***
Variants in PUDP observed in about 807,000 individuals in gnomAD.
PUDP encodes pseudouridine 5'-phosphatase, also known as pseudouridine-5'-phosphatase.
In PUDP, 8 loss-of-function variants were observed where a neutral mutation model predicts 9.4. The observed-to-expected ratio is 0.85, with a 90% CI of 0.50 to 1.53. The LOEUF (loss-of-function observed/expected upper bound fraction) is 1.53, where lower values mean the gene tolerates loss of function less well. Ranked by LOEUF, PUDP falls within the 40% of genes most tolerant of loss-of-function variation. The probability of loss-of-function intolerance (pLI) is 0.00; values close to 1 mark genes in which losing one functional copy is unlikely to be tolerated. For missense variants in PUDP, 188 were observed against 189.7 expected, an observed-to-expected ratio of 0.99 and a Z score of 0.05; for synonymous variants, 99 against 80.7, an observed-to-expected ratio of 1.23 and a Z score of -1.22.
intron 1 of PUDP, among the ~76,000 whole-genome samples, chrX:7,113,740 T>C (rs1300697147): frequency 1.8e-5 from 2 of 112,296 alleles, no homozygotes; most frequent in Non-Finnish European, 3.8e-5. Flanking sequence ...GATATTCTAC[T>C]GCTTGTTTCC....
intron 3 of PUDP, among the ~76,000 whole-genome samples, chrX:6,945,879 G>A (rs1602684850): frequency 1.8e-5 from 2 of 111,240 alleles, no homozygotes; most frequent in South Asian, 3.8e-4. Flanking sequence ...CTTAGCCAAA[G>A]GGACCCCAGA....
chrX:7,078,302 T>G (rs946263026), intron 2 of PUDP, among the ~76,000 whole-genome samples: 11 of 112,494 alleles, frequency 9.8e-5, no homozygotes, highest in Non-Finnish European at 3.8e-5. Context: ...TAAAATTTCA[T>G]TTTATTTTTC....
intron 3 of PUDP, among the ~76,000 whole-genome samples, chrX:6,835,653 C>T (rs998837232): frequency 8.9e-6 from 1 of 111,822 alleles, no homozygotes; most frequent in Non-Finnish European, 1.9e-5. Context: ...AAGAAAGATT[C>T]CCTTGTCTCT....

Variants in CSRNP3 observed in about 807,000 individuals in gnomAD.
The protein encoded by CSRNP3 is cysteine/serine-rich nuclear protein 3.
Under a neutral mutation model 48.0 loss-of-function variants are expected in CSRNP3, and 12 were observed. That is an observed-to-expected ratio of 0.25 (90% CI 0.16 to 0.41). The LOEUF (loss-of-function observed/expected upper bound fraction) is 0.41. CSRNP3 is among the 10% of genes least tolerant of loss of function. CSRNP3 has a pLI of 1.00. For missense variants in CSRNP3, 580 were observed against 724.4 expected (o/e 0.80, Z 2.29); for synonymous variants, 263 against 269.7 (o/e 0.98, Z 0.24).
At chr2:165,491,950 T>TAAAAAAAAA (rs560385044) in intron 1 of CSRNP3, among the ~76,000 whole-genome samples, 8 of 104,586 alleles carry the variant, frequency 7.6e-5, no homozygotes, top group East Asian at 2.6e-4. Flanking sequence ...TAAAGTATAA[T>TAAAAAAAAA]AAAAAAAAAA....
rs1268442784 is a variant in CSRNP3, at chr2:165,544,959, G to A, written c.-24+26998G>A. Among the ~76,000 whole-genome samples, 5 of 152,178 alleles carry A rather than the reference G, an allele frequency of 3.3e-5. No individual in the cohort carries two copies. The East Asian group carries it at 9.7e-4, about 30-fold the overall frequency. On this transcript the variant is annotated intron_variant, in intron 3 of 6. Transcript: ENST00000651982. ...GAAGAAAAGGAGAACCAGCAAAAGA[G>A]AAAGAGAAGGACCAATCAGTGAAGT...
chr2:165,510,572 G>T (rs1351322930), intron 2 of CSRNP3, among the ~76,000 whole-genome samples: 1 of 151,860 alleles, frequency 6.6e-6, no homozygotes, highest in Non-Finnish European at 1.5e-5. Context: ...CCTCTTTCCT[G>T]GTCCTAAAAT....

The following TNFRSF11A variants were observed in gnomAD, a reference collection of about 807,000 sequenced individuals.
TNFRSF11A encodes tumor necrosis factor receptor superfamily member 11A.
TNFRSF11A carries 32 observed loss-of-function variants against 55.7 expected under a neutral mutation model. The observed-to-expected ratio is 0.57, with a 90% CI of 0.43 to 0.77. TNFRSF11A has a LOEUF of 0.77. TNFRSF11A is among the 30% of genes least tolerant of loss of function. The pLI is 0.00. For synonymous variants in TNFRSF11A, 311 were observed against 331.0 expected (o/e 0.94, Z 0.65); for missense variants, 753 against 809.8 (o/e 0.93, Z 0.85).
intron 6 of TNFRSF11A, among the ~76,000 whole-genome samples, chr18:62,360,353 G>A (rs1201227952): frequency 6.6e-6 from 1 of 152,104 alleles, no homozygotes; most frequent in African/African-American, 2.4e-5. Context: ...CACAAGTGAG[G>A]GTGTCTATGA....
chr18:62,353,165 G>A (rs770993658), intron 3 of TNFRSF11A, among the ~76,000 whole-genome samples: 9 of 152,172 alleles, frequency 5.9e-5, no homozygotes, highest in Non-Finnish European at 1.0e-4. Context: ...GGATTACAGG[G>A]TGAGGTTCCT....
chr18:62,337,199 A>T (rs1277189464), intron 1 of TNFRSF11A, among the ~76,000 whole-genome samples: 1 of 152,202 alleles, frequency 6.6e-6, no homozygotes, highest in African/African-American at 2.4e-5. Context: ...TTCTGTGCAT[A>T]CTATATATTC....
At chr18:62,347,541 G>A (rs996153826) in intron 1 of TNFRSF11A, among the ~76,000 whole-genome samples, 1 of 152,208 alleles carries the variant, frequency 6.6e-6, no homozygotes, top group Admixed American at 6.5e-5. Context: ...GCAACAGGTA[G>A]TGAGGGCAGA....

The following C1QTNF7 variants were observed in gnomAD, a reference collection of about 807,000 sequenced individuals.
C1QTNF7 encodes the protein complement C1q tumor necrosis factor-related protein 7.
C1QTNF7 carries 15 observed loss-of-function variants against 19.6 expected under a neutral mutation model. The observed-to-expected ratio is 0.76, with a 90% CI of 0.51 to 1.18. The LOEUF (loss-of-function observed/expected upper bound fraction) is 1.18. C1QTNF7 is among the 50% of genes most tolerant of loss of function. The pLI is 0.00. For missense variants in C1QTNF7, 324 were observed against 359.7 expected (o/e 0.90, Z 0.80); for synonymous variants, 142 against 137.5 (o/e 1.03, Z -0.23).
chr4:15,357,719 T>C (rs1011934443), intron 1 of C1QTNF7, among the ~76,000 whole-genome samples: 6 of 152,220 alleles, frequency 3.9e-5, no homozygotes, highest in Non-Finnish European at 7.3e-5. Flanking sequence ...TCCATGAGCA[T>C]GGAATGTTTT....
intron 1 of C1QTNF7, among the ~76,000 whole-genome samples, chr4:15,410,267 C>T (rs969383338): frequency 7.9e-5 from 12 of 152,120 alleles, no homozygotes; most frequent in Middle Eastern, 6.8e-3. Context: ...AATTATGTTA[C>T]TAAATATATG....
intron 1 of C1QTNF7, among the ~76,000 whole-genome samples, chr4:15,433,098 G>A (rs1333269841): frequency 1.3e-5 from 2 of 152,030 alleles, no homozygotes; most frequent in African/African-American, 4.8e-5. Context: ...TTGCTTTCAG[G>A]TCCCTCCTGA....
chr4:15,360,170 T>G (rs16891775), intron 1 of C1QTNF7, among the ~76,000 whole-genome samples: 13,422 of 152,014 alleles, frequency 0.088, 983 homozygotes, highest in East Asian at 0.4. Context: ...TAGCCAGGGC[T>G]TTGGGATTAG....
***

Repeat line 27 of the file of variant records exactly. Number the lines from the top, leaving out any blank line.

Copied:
chr4:15,360,170 T>G (rs16891775), intron 1 of C1QTNF7, among the ~76,000 whole-genome samples: 13,422 of 152,014 alleles, frequency 0.088, 983 homozygotes, highest in East Asian at 0.4. Context: ...TAGCCAGGGC[T>G]TTGGGATTAG....